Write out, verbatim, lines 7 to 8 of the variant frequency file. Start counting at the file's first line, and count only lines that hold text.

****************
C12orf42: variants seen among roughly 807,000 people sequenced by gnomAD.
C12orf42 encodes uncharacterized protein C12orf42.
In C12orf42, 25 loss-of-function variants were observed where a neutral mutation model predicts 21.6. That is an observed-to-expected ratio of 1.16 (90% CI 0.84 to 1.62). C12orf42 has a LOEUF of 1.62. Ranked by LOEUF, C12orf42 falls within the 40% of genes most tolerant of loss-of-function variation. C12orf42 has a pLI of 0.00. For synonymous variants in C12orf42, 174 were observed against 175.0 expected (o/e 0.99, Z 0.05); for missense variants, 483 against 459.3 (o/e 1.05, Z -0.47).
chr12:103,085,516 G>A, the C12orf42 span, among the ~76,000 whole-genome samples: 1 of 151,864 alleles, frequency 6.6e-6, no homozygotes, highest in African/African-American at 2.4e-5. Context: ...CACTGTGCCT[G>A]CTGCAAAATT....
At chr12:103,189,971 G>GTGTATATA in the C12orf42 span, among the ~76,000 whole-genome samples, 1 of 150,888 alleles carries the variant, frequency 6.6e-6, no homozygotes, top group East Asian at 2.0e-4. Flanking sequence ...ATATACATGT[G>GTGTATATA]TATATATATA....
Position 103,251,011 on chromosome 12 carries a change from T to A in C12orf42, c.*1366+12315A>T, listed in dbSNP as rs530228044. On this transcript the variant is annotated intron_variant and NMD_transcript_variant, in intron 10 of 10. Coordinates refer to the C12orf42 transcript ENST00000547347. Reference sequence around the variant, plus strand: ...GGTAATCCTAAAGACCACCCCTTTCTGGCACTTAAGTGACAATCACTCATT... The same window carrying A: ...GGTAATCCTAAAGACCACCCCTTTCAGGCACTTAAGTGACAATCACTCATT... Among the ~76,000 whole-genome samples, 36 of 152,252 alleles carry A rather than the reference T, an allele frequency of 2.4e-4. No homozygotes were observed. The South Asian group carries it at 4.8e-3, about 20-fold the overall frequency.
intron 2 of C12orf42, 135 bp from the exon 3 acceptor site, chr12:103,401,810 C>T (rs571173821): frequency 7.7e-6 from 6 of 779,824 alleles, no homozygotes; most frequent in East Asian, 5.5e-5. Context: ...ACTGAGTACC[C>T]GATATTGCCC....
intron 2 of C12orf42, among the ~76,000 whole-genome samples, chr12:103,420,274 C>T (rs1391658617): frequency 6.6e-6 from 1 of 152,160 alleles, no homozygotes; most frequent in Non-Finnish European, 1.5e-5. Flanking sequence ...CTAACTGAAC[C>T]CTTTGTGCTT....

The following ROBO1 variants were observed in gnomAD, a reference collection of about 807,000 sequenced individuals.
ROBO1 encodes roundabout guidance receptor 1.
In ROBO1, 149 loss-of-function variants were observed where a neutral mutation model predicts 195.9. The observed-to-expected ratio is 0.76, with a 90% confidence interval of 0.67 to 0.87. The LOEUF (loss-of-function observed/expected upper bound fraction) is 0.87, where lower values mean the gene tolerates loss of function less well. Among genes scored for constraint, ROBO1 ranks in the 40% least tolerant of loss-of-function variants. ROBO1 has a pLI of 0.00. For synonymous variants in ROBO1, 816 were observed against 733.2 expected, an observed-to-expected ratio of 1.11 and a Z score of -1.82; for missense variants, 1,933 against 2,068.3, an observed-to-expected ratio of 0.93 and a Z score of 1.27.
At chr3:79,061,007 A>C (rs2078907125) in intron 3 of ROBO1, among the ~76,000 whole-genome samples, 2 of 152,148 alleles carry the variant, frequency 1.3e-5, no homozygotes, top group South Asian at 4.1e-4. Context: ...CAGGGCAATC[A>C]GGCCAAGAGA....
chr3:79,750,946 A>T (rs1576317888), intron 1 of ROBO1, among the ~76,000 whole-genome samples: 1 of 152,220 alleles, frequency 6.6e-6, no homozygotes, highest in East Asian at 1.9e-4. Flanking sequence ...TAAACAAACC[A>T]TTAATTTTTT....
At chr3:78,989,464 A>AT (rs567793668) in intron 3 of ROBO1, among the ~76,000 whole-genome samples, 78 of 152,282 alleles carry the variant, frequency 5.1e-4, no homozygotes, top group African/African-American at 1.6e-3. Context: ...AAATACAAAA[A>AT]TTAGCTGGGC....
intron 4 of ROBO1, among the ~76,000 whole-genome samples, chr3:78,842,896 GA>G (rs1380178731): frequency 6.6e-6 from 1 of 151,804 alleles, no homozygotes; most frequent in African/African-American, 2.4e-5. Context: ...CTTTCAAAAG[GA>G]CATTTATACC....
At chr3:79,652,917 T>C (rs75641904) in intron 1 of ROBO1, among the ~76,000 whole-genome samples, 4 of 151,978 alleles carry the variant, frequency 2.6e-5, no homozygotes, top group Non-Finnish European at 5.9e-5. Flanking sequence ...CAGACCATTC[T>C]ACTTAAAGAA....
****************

intron 2 of C12orf42, 135 bp from the exon 3 acceptor site, chr12:103,401,810 C>T (rs571173821): frequency 7.7e-6 from 6 of 779,824 alleles, no homozygotes; most frequent in East Asian, 5.5e-5. Context: ...ACTGAGTACC[C>T]GATATTGCCC....
intron 2 of C12orf42, among the ~76,000 whole-genome samples, chr12:103,420,274 C>T (rs1391658617): frequency 6.6e-6 from 1 of 152,160 alleles, no homozygotes; most frequent in Non-Finnish European, 1.5e-5. Flanking sequence ...CTAACTGAAC[C>T]CTTTGTGCTT....